Q. What is the relationship between belief in tawhid [editor: i.e. the recognition of the Oneness of God] and morality? I am asking with the intention of [asking a] follow-up: For those individuals who were born into a polytheistic faith but who are morally and ethically very upright, what does the Qu'ran say of their judgment? I know that associating partners with Allah (SWT) is one of the biggest sins, but I am having trouble grasping why someone who lives honestly, sincerely, generously, etc. should be so severely punished. Are we not judged on the basis of our actions?
A: Recognizing and affirming the Oneness of Allah, i.e. tawhid, is the epistemoloical and ontological basis of morality in our religion (din). Professing that there is no god but God (la ilaha illa llah) implies that one affirms that no one decides that an act is right or wrong but Allah and that none decides the relative degree of rightness or wrongness of an act but Allah.
So, if a person is raised as a polytheist (mushrik) and dies as such, we affirm that they will not be treated unjustly by Allah in the afterlife. Qur'an: "Nor is Allah unjust to His slaves".
Note: One should strive to achieve certainty (yaqin) on this point, since it is a basic element of our belief (iman) and doubt about this matter is akin to thinking badly of Allah which is an enormity (i.e. a major sin), at the very least.
Specifically, there are several possibilities:
Case 1: If a polytheist (mushrik) is presented with Islam during his life and accepts it, he becomes Muslim, thereby and, assuming that he dies on Islam, will enter the Garden.
Case 2: If he refuses Islam after it is offered to him, he is a disbeliever (kafir). If he dies in that state, he is promised an eternity in the Fire and forbidden entry into the Garden, as indicated by numerous univocal, clear passages (ayat) of the Qur'an and mass-transmitted prophetic traditions (ahadith). Again, Allah will not have wronged them or treated them unjustly in the least.
Case 3: If the prophetic invitation to worship the One God never reached him (e.g. he lived during the period between two prophets or he was never informed that there was a Prophet named Muhammad that invited people to surrender to God by recognizing that there is no god but Him) and he dies in this state, then some of the religious scholars (`ulama) affirm that he is not punished in the afterlife because Allah does not punish without sending a Messenger. Qur'an: "We do not punish until we send Messenger". Others of the `ulama hold that he may be punished as a disbeliever polytheist because the natural inclination towards recognition of the One God (fitra) that Allah has created in human beings is evidence enough against him. Allah knows best. Whatever the case, we affirm that Allah will not have treated them unjustly in the least.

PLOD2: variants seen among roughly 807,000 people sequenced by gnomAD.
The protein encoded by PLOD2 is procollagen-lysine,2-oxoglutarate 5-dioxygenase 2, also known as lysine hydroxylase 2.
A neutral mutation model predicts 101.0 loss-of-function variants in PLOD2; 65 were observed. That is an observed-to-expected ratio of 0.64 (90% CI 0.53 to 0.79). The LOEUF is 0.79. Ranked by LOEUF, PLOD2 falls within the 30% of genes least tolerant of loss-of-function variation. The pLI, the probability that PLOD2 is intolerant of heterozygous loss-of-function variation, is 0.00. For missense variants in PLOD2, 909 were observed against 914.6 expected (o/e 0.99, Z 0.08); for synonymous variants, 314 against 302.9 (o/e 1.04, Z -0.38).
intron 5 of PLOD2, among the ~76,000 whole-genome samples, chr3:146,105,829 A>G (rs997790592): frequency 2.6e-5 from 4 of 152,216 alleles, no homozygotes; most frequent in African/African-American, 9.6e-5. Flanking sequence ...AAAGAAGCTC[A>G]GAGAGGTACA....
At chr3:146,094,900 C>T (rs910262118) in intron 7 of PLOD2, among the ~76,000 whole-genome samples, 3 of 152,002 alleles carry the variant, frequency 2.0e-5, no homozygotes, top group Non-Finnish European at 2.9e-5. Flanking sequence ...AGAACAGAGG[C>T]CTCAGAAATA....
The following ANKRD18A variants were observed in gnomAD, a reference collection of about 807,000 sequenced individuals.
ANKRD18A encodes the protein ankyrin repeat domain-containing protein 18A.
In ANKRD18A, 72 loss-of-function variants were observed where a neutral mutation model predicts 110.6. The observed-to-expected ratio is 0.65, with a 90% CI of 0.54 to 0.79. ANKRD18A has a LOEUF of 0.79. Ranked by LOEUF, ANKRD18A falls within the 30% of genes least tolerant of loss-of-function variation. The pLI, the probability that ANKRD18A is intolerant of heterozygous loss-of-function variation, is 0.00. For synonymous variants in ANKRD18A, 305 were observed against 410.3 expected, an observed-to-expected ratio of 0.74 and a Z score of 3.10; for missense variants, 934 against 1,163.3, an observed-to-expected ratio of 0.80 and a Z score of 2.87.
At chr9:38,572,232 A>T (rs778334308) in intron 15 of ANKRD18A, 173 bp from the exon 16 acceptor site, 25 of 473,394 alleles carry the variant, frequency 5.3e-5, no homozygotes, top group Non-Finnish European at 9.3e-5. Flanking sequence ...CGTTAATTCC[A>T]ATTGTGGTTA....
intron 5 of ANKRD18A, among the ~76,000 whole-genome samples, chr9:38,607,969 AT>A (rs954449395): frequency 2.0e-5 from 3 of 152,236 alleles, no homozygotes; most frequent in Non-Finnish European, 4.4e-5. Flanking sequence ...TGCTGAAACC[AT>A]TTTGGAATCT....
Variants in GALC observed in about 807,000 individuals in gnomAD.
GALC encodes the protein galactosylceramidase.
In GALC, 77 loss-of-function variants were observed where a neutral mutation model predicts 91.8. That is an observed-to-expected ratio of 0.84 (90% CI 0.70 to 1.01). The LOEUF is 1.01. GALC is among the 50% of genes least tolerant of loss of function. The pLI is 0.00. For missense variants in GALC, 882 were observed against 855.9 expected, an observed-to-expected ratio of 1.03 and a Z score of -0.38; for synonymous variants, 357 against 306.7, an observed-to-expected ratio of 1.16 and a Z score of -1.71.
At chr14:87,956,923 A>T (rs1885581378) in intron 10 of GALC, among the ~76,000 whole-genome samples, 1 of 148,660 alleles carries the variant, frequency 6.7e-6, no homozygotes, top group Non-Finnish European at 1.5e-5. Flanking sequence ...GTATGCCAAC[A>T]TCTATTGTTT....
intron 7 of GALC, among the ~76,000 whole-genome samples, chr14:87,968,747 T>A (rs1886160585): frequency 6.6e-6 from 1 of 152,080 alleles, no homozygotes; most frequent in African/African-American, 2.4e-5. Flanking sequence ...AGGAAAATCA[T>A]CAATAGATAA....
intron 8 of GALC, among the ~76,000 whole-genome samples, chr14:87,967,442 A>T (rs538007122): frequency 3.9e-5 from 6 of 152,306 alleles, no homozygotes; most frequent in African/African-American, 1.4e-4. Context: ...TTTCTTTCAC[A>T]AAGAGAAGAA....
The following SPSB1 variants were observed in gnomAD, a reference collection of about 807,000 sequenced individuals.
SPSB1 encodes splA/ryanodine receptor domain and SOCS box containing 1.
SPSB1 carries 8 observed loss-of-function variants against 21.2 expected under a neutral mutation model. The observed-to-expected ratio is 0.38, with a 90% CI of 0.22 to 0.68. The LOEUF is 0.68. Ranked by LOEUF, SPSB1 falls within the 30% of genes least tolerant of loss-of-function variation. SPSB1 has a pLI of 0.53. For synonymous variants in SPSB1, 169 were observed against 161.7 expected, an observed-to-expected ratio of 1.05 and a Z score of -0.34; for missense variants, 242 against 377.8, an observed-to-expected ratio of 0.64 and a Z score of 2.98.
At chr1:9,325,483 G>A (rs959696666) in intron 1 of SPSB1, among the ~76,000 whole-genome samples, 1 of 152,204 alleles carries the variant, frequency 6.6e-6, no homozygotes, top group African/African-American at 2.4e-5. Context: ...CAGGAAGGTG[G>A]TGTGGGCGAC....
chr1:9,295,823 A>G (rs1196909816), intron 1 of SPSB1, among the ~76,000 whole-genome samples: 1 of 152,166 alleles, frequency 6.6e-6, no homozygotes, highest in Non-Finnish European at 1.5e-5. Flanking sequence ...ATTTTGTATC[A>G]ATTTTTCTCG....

N.B.: As Muslims, we should avoid giving preference to our own ethical intuitions (i.e. suppositions and whims as to what should be right and wrong or how relatively right or wrong some acts should be compared to others) over Allah's statements. It is simply not for a reasonable person--not to mention a Muslim--to say to himself, "Well, a person who behaves in a manner that seems good or moral to me, but just happens to do what the Creator of the Heavens and Earth has said is the worse act that can be done (i.e. associating partners with God), should be judged acceptable by God and not punished." Islam, i.e. Surrendering to God means, among other things, recognizing him as the Judge (al-Hakam). We are judged on the basis of (more precisely, the intention behind) our actions. In our ethical system, the basis of actions that is associated with salvation in the afterlife is belief (iman) in God and the Last Day.
N.B.: As for describing a person who does not recognize God as God as living honestly or sincerely, clearly people who are not yet believers can have good personality traits and do acts that are apparently good. Not only do we not deny this but we affirm it since Allah affirms it in the Qur'an. But going the next step and suggesting that apparently good deeds, without belief (iman), must be acceptable to God (whereas Allah stresses good deeds and belief in the Qur'an), because these criteria are consistent with our own ethical intuition, is logical inconsistent with tawhid and runs contrary to revelation.
May Allah guide us to the best in this world and the next.
The Needy Slave of Allah,
Taha bin Hasan Abdul-Basser